does God want to walk with us?

When Enoch had lived 65 years, he became the father of Methuselah. After he became the father of Methuselah, Enoch walked faithfully with God 300 years and had other sons and daughters. Altogether, Enoch lived a total of 365 years. Enoch walked faithfully with God; then he was no more, because God took him away.

Genesis 5:21-24

Enoch is noteworthy because he is the only person in Scripture who is said to have walked with God. The NIV addition “faithfully” is likely appropriate (see NET footnote 15) in helping get a sense of meaning. Hebrews 11 suggests the same:

By faith Enoch was taken from this life, so that he did not experience death: “He could not be found, because God had taken him away.” For before he was taken, he was commended as one who pleased God. And without faith it is impossible to please God, because anyone who comes to him must believe that he exists and that he rewards those who earnestly seek him.

Hebrews 11:5-6

Interestingly, the Genesis account says that after Enoch became the father of Methuselah, he walked with God. We’re not told why such was the case, but something of the sense of responsibility or concern may have been a factor. I think often at some sense of crisis there can be a tipping point to help us move in a good direction, or alas, in some direction not good. Sometimes the deepest depths can help us realize the highest heights.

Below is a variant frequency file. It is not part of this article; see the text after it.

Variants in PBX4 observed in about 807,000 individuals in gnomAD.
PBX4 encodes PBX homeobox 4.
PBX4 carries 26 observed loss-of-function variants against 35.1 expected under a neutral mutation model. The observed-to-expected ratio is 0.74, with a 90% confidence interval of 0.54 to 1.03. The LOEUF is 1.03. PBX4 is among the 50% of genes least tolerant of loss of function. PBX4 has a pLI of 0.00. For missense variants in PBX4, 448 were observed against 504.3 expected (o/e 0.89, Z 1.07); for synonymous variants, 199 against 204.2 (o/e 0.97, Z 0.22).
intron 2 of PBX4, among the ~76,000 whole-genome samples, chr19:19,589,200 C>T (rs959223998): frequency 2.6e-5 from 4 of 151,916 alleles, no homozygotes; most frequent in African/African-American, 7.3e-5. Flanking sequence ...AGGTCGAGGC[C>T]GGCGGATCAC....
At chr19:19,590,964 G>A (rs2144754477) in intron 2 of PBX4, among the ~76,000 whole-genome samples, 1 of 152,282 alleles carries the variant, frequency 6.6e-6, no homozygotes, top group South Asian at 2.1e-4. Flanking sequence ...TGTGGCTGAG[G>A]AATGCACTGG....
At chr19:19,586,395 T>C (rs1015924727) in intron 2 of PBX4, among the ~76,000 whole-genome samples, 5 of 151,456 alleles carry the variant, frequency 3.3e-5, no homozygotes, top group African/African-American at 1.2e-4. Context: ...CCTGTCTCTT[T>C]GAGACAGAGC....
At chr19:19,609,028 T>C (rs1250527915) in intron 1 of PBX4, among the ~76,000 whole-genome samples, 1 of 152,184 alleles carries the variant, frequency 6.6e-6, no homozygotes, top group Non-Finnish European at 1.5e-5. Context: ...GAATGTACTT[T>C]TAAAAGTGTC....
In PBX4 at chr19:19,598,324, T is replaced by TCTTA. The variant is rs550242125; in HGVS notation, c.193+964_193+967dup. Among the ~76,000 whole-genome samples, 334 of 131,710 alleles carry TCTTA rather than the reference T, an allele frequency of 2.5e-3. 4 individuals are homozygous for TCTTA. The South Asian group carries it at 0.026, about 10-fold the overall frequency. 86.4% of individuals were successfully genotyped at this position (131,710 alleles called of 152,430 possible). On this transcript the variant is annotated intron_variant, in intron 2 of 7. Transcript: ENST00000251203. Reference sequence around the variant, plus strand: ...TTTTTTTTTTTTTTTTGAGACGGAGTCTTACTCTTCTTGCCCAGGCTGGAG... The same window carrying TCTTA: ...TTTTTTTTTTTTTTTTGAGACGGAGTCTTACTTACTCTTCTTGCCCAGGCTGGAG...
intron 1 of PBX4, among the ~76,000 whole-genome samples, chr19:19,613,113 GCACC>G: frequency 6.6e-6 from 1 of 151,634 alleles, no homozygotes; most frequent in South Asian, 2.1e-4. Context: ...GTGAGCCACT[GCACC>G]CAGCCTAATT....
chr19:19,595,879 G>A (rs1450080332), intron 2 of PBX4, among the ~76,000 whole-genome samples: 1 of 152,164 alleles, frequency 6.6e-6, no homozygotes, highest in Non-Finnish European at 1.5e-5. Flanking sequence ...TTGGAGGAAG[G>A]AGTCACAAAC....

Enoch was probably considered austere in his time, prophesying against what was probably commonplace in his day.

Enoch, the seventh from Adam, prophesied about them: “See, the Lord is coming with thousands upon thousands of his holy ones to judge everyone, and to convict all of them of all the ungodly acts they have committed in their ungodliness, and of all the defiant words ungodly sinners have spoken against him.”

Jude 1:14-15

Does God want to walk with us? I think he does. Implied here, and clear when you consider all of Scripture, God becoming flesh in the Incarnation, and in the end dwelling with humankind in the New Jerusalem when heaven and earth become one in the new creation. “Do we want to walk with God?” is the real question. Or are we occupied with other things?